The Shape of Water (or The Best Film of 2017) / by Louis Holstein

The Shape of Water, where do I begin? Just when I thought I wasn't going to see a timeless film in 2017, Guillermo Del Toro comes with the best film of his caree. I cannot say I went in with incredibly high expectations, as I am not the biggest Del Toro fan. I find the worlds he builds to be too gruesome and the stories he tells too dark. And while there are certaily gruesome and dark elements to this story, the overall resolve left me feeling more whole than empty.

I will spare you the details concerning the premise, and honestly, if you have not seen the film maybe you should skip this post for now. It's important to know as little as you can about the film before seeing it, for it to have the greatest impact. 

Still reading? Great. From the first scene, Del Toro focuses on the details. From Elisa's daily routine to the red shoes in the window of the local shoe store. He shoots the film so meticulously that you know every little element shown will indeed have a payoff and be intertwined together in the end. I loved how Del Toro built the world of the 1960s without it ever becomeing preachy. He touches on homophobia, misogyny, and racism and all to ask the question: what does it mean to be human? These horrors were so common place in the time that it allows us to look in 2017 at the hypocrocies in our own lives. Are we getting better at being human?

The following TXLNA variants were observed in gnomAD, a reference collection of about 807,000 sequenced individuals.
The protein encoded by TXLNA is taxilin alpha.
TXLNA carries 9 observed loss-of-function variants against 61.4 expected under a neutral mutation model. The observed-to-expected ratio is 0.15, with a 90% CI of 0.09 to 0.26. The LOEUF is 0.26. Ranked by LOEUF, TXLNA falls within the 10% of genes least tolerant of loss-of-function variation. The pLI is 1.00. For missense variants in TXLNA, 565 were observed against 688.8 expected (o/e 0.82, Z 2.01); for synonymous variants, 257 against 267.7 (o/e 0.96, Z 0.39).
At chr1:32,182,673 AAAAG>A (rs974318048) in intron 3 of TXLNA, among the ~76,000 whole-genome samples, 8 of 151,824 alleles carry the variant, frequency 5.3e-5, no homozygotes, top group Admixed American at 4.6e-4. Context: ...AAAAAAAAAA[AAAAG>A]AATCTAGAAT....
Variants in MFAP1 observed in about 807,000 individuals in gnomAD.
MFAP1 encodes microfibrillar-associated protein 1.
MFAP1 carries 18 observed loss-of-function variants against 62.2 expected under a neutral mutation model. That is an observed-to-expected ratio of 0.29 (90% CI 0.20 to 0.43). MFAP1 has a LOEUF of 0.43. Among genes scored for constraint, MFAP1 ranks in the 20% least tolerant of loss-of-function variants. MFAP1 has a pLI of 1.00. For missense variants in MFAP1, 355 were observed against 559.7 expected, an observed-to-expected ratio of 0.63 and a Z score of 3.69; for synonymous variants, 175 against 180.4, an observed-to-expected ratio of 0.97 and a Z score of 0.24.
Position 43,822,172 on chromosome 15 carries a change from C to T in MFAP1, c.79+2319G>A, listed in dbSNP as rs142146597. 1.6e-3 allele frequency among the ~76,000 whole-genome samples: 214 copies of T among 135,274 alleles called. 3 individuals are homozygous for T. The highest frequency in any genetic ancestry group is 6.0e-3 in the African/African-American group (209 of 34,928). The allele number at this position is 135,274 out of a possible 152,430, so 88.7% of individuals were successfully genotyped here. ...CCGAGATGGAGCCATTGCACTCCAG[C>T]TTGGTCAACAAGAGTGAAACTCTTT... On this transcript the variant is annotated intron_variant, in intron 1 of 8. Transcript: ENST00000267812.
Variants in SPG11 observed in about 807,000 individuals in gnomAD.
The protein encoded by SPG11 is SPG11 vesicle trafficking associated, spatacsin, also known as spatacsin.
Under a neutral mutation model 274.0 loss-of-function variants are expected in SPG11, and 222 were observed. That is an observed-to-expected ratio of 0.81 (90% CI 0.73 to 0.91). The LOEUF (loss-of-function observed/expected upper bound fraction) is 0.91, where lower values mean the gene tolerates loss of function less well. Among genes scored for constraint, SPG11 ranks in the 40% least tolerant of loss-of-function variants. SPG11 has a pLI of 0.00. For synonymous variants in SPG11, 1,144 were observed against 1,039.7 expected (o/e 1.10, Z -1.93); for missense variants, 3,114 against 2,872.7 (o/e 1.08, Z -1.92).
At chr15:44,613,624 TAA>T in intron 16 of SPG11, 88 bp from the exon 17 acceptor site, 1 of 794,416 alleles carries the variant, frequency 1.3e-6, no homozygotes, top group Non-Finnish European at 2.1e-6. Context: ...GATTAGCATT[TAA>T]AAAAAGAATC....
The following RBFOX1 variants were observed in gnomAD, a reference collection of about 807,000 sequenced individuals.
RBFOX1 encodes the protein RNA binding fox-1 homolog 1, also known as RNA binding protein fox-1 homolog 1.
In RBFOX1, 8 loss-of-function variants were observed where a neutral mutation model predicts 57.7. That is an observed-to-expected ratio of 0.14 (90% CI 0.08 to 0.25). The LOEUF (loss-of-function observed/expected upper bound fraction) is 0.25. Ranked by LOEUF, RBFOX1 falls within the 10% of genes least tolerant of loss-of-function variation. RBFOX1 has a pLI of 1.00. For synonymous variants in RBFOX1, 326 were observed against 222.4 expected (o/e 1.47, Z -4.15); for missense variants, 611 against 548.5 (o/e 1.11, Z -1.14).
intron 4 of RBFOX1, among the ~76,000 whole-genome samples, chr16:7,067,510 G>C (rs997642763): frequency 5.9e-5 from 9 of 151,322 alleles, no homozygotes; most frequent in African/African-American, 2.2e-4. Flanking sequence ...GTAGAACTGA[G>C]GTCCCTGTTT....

I have never seen a film with a mute character, much less one that handles them so delicately and beautifully. Elisa cannot talk and therefore she cannot add to society in the same way others can- does this make her less human? It's heartbreaking to even think that is a question! As the film progresses, however, it's clear that this question, no matter how heartbreaking, must be asked. The answer speaks to us now. We are human because we love. Love always wins.

As could be predicted, the acting is top notch. Academy Award Winner Octavia Spencer leads the cast with, Michael Shannon, and Richard Jenkins. All are at the top of their game. I truly believe Shannon is a very underrated actor, maybe he will gain some traction in this award season. The star of the show, however, is none other than the film's lead, Sally Hawkins. She is truly in a career-defining role as the mute Elisa Esposito. There is a scene where Elisa is passionatly pleading her case (the desire to remove the Sea Monster from the labratory) to Jenkins character, Giles, which is in and of itself worthy of an Oscar nomination! I'm certinaly crossing my fingers for her. And not only her, but Del Toro himself. This film should easily land a Best Picture nom, followed by a Best Director nom. This, as I have said, is his best work to date. He is a master storyteller and (for me anyway) the go-to guy for fairytales on screen. Can we see him adapt The Little Mermaid!?

At any rate, you know a film has moved you when you are getting in the car, digesting it verbally with your friend and begin to cry. Ha! That was me and my wife. I'm sure I'm just scratching the surface of what The Shape of Water has to offer, I can not wait to see it again and allow it to speak to me in new ways. This is what makes a film timeless, and I truly belive The Shape of Water is just that.*


*As a follower of The Way, I must advise that you use caution when approaching this film. It is very violent and gruesome, sexual and borderline pornogrpahic. It's important you understand that going into the film and even ask the Lord if this is a piece of cinema that would be helpful for you. While I do think this film comunicates truth, there are certainly pieces that will not be helpful for everyone.